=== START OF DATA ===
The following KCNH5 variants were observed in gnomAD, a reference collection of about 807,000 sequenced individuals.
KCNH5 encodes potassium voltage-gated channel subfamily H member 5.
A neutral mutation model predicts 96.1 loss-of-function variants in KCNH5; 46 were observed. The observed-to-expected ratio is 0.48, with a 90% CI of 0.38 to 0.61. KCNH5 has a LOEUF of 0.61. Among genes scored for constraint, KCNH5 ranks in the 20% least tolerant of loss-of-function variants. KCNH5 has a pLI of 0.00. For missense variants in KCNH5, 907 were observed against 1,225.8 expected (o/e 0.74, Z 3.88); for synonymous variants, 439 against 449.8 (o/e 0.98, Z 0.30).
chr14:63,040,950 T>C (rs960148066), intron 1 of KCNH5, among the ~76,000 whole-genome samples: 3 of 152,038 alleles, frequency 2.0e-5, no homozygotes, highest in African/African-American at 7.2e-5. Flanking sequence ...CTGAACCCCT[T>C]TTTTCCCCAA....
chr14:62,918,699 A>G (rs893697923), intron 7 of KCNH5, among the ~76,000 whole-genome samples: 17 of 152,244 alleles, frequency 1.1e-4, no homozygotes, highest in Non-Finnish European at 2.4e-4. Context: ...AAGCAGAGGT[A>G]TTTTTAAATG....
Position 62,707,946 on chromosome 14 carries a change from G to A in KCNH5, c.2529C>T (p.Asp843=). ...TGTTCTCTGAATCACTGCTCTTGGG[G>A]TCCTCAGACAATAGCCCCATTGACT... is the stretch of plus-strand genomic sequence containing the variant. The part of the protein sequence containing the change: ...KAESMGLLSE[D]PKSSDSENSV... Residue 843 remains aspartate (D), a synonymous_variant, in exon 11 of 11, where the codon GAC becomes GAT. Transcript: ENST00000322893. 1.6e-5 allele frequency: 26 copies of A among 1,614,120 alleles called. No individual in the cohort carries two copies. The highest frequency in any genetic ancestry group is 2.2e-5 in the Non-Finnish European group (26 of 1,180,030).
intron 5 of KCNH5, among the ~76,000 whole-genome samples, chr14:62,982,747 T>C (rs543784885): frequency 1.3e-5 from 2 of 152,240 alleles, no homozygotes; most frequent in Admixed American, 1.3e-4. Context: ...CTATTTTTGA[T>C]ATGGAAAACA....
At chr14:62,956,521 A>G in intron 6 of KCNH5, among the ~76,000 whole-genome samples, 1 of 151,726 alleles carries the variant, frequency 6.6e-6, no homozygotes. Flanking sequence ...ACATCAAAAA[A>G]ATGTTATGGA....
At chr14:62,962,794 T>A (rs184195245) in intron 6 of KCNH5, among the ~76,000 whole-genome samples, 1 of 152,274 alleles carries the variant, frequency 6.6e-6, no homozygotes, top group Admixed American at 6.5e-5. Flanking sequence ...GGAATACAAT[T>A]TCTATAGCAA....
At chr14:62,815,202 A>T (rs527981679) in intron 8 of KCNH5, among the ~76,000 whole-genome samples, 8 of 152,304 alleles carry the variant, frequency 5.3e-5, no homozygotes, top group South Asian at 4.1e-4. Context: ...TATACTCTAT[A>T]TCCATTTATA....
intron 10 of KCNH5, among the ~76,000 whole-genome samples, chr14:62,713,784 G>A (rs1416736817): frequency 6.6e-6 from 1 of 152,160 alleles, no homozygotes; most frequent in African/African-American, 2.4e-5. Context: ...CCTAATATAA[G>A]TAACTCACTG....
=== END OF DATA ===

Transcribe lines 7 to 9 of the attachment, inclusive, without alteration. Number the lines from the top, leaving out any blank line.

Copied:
intron 5 of KCNH5, among the ~76,000 whole-genome samples, chr14:62,982,747 T>C (rs543784885): frequency 1.3e-5 from 2 of 152,240 alleles, no homozygotes; most frequent in Admixed American, 1.3e-4. Context: ...CTATTTTTGA[T>C]ATGGAAAACA....
At chr14:62,956,521 A>G in intron 6 of KCNH5, among the ~76,000 whole-genome samples, 1 of 151,726 alleles carries the variant, frequency 6.6e-6, no homozygotes. Flanking sequence ...ACATCAAAAA[A>G]ATGTTATGGA....
At chr14:62,962,794 T>A (rs184195245) in intron 6 of KCNH5, among the ~76,000 whole-genome samples, 1 of 152,274 alleles carries the variant, frequency 6.6e-6, no homozygotes, top group Admixed American at 6.5e-5. Flanking sequence ...GGAATACAAT[T>A]TCTATAGCAA....